Multiple schools made significant discoveries and provided much-needed care to New Jersey’s disparate communities
Two weeks separated the declaration of the COVID-19 national emergency and the first major countermeasure from Rutgers Health, although this biomedical education, research and health care institution had begun preparing the university for what was coming many weeks before.
Rutgers New Jersey Medical School (NJMS) announced that it would expedite graduation for its 192 final-year students so they could begin treating patients sooner. Rutgers Robert Wood Johnson Medical School (RWJMS), the Rutgers School of Nursing and the Rutgers School of Health Professions announced similar plans shortly thereafter.
Those decisions — which sped many hundreds of caregivers to hospitals and clinics just as surging caseloads threatened to overwhelm the system — illustrated how scale helped Rutgers Health significantly impact the fight against COVID-19.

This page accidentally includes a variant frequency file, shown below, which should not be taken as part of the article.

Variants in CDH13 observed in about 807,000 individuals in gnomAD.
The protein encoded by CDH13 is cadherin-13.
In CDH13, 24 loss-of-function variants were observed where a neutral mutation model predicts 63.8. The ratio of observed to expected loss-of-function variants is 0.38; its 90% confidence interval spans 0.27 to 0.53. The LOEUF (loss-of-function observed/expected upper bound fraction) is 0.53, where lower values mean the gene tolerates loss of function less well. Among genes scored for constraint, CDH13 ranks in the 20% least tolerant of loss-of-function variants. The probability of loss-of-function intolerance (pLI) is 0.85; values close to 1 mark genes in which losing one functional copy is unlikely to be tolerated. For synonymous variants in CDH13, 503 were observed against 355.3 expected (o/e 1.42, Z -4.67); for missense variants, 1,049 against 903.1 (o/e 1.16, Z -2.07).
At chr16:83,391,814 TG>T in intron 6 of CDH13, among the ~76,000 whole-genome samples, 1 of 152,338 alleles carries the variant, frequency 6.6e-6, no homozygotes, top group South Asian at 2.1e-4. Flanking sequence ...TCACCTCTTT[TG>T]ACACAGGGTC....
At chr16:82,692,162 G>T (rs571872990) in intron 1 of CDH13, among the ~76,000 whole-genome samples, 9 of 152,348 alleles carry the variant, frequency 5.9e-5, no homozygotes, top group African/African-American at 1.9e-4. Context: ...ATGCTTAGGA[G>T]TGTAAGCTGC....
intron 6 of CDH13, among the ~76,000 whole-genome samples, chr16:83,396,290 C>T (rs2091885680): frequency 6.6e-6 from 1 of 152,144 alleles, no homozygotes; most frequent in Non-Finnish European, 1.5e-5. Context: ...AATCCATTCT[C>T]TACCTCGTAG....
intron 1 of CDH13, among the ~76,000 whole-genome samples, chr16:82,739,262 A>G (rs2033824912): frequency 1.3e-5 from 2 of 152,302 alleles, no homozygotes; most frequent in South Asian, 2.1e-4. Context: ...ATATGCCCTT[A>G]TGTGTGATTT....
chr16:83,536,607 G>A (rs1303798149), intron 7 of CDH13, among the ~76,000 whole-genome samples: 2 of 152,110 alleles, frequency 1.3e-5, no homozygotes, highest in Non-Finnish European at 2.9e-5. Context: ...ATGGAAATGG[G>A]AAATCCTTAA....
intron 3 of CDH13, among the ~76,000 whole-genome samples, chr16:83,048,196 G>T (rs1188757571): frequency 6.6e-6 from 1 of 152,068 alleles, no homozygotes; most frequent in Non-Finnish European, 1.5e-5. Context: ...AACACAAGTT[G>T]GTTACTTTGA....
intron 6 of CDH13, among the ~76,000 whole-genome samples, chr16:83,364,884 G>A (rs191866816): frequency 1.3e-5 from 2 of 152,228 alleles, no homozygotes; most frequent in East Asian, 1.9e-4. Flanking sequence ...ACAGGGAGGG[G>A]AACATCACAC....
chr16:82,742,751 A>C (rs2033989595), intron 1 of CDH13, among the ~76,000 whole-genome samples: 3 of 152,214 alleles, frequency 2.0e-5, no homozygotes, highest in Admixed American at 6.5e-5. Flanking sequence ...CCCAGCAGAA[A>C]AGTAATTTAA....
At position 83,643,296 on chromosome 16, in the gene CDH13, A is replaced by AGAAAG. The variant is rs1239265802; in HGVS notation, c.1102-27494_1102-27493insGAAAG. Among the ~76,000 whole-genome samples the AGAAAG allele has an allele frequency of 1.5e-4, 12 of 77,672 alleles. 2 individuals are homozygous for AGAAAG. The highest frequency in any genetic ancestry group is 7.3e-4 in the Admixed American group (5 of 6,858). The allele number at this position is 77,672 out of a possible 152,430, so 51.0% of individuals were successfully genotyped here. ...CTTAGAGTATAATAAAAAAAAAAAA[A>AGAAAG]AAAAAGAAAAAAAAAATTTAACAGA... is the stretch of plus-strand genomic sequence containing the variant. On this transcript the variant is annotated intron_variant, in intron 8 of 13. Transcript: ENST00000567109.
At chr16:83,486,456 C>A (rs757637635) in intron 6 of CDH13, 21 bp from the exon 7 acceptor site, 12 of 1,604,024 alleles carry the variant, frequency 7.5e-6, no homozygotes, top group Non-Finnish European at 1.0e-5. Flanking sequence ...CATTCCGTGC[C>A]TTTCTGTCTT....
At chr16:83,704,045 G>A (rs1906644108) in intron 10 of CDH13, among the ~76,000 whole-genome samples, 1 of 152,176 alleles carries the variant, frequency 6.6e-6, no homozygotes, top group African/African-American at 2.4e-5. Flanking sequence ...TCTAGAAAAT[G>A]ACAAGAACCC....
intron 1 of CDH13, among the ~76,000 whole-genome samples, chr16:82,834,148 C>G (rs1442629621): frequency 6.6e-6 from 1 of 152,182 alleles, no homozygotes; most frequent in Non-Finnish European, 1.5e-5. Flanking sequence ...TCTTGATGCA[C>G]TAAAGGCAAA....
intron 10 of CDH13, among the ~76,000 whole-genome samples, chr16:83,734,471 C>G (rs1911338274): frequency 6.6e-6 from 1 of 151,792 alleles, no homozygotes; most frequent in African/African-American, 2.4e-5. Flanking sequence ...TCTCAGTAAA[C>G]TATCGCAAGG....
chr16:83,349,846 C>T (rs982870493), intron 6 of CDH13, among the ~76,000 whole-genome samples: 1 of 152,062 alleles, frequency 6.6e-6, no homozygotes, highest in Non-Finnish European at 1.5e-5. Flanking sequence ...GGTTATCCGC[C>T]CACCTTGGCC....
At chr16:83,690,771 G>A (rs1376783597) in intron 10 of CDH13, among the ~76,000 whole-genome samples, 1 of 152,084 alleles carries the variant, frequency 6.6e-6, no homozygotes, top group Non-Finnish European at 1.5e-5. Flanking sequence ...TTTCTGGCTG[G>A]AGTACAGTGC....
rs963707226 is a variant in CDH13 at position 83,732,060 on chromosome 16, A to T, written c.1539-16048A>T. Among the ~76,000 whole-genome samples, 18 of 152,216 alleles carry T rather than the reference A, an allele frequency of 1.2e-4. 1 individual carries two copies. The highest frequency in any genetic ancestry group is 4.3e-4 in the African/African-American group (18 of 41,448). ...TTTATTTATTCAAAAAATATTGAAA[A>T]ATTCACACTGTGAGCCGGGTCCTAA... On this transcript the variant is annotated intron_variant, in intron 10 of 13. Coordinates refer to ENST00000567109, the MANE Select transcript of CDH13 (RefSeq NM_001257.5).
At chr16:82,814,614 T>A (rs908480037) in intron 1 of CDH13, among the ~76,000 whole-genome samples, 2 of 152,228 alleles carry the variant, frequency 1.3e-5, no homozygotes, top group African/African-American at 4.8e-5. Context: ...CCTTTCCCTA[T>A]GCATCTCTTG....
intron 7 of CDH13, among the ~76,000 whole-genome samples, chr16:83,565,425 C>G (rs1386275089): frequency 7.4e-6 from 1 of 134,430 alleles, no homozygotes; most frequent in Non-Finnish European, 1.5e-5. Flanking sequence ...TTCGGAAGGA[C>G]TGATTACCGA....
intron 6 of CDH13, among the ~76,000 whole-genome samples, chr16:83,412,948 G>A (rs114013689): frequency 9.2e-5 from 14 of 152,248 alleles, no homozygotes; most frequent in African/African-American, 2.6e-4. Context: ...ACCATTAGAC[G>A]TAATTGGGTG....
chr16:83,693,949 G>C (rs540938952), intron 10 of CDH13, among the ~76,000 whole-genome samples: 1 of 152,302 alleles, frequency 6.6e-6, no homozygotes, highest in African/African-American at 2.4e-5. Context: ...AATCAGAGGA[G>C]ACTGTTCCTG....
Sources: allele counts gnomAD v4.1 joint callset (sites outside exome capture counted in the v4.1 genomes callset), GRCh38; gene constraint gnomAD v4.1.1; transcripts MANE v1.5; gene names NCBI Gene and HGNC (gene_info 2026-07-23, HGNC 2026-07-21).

More illustrations quickly followed.
“We mobilized in an enormous way,” said Chancellor Brian Strom. “It meant putting many other things aside, but we were saving lives locally, statewide, nationally and globally through our research and contributing to real-time solutions.”
One of the keys to effective response was constant communication. Rutgers Health leaders conducted a nightly conference call in the early days of the pandemic to discuss new information about the virus and update each other on the availability of personal protective equipment (PPE), hospital beds, ventilators and other vital resources.
Rutgers also communicated with the public via the New Jersey Poison Control Center’s COVID-19 hotline. “As a statewide, 24/7 hotline staffed by health care professionals, we realized we could help in a unique and valuable way,” said Executive Director Diane Calello.
The center trained hundreds of volunteers, including students from Rutgers’ schools of medicine, pharmacy, nursing, physician assistants and public health. In the early months of the pandemic, the call center received nearly 1,000 calls in a single day. Even after many months had passed, call volume averaged about 500 daily.